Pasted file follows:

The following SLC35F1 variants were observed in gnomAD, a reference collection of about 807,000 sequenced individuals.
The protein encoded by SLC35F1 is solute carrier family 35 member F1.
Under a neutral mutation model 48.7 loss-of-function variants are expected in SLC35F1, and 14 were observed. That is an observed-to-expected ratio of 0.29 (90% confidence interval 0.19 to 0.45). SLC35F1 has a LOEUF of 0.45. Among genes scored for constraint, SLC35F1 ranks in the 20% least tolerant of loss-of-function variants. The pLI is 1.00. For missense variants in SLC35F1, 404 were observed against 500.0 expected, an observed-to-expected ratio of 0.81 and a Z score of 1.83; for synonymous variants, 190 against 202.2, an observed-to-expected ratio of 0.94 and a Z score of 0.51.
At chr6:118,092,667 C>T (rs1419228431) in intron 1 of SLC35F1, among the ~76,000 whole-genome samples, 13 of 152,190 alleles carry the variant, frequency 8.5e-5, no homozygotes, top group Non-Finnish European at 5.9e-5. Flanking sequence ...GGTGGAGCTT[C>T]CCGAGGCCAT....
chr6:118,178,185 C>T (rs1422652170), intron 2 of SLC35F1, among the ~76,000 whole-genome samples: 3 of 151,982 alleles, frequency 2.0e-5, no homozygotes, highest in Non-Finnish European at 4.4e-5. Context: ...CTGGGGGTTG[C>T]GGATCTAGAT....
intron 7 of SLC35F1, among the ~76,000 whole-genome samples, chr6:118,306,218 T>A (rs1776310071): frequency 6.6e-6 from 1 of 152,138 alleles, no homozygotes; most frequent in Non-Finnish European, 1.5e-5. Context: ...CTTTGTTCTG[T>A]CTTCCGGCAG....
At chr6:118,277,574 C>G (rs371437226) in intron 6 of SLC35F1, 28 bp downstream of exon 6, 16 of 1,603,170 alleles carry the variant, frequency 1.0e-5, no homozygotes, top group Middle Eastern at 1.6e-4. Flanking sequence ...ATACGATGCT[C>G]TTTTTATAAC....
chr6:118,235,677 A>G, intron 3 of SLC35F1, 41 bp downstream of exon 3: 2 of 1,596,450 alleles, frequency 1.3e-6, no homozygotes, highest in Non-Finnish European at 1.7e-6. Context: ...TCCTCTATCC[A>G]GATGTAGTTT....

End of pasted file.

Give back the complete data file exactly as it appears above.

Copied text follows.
The following SLC35F1 variants were observed in gnomAD, a reference collection of about 807,000 sequenced individuals.
The protein encoded by SLC35F1 is solute carrier family 35 member F1.
Under a neutral mutation model 48.7 loss-of-function variants are expected in SLC35F1, and 14 were observed. That is an observed-to-expected ratio of 0.29 (90% confidence interval 0.19 to 0.45). SLC35F1 has a LOEUF of 0.45. Among genes scored for constraint, SLC35F1 ranks in the 20% least tolerant of loss-of-function variants. The pLI is 1.00. For missense variants in SLC35F1, 404 were observed against 500.0 expected, an observed-to-expected ratio of 0.81 and a Z score of 1.83; for synonymous variants, 190 against 202.2, an observed-to-expected ratio of 0.94 and a Z score of 0.51.
At chr6:118,092,667 C>T (rs1419228431) in intron 1 of SLC35F1, among the ~76,000 whole-genome samples, 13 of 152,190 alleles carry the variant, frequency 8.5e-5, no homozygotes, top group Non-Finnish European at 5.9e-5. Flanking sequence ...GGTGGAGCTT[C>T]CCGAGGCCAT....
chr6:118,178,185 C>T (rs1422652170), intron 2 of SLC35F1, among the ~76,000 whole-genome samples: 3 of 151,982 alleles, frequency 2.0e-5, no homozygotes, highest in Non-Finnish European at 4.4e-5. Context: ...CTGGGGGTTG[C>T]GGATCTAGAT....
intron 7 of SLC35F1, among the ~76,000 whole-genome samples, chr6:118,306,218 T>A (rs1776310071): frequency 6.6e-6 from 1 of 152,138 alleles, no homozygotes; most frequent in Non-Finnish European, 1.5e-5. Context: ...CTTTGTTCTG[T>A]CTTCCGGCAG....
At chr6:118,277,574 C>G (rs371437226) in intron 6 of SLC35F1, 28 bp downstream of exon 6, 16 of 1,603,170 alleles carry the variant, frequency 1.0e-5, no homozygotes, top group Middle Eastern at 1.6e-4. Flanking sequence ...ATACGATGCT[C>G]TTTTTATAAC....
chr6:118,235,677 A>G, intron 3 of SLC35F1, 41 bp downstream of exon 3: 2 of 1,596,450 alleles, frequency 1.3e-6, no homozygotes, highest in Non-Finnish European at 1.7e-6. Context: ...TCCTCTATCC[A>G]GATGTAGTTT....